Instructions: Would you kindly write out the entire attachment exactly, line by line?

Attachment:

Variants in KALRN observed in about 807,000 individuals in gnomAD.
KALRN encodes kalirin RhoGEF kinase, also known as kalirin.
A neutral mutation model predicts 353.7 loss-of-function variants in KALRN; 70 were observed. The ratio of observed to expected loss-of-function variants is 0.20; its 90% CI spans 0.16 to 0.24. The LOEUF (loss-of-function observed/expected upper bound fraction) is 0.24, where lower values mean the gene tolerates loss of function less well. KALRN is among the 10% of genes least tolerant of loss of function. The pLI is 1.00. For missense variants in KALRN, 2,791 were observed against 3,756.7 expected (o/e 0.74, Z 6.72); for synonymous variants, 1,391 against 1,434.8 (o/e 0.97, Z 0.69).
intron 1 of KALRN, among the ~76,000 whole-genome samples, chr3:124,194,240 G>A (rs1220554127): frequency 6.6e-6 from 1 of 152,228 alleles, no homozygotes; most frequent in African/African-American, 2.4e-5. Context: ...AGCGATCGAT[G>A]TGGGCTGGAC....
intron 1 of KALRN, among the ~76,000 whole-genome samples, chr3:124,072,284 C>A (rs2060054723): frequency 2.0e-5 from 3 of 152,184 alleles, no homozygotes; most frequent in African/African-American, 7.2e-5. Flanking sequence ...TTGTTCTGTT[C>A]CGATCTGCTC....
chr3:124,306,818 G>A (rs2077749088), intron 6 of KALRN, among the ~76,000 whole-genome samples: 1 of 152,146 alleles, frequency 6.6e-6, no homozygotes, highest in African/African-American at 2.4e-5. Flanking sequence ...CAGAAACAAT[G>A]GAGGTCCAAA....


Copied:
Variants in KALRN observed in about 807,000 individuals in gnomAD.
KALRN encodes kalirin RhoGEF kinase, also known as kalirin.
A neutral mutation model predicts 353.7 loss-of-function variants in KALRN; 70 were observed. The ratio of observed to expected loss-of-function variants is 0.20; its 90% CI spans 0.16 to 0.24. The LOEUF (loss-of-function observed/expected upper bound fraction) is 0.24, where lower values mean the gene tolerates loss of function less well. KALRN is among the 10% of genes least tolerant of loss of function. The pLI is 1.00. For missense variants in KALRN, 2,791 were observed against 3,756.7 expected (o/e 0.74, Z 6.72); for synonymous variants, 1,391 against 1,434.8 (o/e 0.97, Z 0.69).
intron 1 of KALRN, among the ~76,000 whole-genome samples, chr3:124,194,240 G>A (rs1220554127): frequency 6.6e-6 from 1 of 152,228 alleles, no homozygotes; most frequent in African/African-American, 2.4e-5. Context: ...AGCGATCGAT[G>A]TGGGCTGGAC....
intron 1 of KALRN, among the ~76,000 whole-genome samples, chr3:124,072,284 C>A (rs2060054723): frequency 2.0e-5 from 3 of 152,184 alleles, no homozygotes; most frequent in African/African-American, 7.2e-5. Flanking sequence ...TTGTTCTGTT[C>A]CGATCTGCTC....
chr3:124,306,818 G>A (rs2077749088), intron 6 of KALRN, among the ~76,000 whole-genome samples: 1 of 152,146 alleles, frequency 6.6e-6, no homozygotes, highest in African/African-American at 2.4e-5. Flanking sequence ...CAGAAACAAT[G>A]GAGGTCCAAA....